Emma Stewart is co-founder of flexible working consultancy TimeWise.

Read the original article on Business Insider

JOIN OUR LIVE EVENT JUNE 24: Execs from Deutsche Bank, AllianceBernstein, and Accenture will break down how Wall Street is navigating the return to work

Insider Events 'Future of work on Wall Street' event promotion, including Katie Burke of AllianceBernstein, Melissa Fridman of Deutsche Bank, and Michael Cheek of Accenture.

As the worst days of the pandemic seem to be subsiding in the US, there’s one question on everyone’s mind: What does the return to work actually look like?

On Wall Street, the itch has been mounting since the start of the pandemic for people to find a way to safely get back to their desks.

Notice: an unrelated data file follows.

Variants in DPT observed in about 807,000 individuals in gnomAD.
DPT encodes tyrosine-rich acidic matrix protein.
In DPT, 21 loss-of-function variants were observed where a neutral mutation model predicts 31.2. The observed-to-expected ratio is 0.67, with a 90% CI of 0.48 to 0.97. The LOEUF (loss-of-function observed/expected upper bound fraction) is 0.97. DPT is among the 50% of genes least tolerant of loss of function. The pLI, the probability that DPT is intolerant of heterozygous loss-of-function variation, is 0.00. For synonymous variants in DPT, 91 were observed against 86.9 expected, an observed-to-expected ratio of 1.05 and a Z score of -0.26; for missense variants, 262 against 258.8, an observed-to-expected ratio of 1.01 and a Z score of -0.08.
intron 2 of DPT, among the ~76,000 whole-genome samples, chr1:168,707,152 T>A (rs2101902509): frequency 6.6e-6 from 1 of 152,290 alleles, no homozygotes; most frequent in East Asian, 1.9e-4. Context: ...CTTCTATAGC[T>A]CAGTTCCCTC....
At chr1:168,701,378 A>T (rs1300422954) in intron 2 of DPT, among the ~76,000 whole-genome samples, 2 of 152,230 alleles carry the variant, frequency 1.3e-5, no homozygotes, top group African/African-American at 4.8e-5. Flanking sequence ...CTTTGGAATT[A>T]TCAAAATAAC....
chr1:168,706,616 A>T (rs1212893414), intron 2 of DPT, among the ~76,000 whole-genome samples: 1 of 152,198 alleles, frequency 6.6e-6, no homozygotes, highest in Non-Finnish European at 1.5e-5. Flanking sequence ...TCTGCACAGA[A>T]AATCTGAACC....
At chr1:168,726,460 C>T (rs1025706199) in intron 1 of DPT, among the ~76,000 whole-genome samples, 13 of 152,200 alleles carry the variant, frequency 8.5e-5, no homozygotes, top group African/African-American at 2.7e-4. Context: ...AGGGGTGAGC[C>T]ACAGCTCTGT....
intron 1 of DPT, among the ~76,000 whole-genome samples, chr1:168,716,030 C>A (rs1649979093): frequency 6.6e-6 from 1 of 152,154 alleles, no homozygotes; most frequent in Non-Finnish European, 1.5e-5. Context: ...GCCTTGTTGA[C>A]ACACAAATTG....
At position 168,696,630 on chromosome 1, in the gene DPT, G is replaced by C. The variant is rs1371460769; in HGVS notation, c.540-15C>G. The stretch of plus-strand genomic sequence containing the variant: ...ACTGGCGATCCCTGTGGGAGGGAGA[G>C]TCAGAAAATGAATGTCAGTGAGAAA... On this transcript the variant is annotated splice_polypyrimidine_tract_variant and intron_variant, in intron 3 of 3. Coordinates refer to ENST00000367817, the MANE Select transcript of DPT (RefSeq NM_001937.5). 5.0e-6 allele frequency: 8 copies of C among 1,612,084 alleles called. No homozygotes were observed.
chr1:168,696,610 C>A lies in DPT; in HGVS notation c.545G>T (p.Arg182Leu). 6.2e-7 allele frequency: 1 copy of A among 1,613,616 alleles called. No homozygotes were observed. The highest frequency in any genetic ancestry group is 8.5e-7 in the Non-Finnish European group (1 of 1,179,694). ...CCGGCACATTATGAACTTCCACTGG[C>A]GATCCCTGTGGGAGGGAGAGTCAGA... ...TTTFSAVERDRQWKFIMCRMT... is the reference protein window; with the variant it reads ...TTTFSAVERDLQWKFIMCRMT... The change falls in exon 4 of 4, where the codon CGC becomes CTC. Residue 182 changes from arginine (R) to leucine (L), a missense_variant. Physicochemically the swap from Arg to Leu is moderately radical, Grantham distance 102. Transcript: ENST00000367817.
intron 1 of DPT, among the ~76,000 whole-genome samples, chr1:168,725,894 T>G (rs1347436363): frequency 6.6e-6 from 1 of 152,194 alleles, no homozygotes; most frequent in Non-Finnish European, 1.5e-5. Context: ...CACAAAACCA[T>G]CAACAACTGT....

At some firms, the return to work has gradually begun. But, for many others, the timeline has yet to kick off to move thousands of people back into New York City skyscrapers and offices across the country.

Insider Finance reporter Reed Alexander will moderate a live webinar event on Thursday, June 24, at 1 p.m. ET/10 a.m. PST, in which three top financial-services execs will break down what the return to work looks like for Wall Street.

  • Melissa Fridman, global head of human resources for the investment bank at Deutsche Bank, will explain how her firm is implementing a hybrid model.
  • Kate Burke, chief operating officer at AllianceBernstein, will provide details on how the asset manager, which handles some $697 billion in assets, set up an internal Pandemic Response Team to shape the firm’s return-to-office plans, and what their tiered return to work will look like.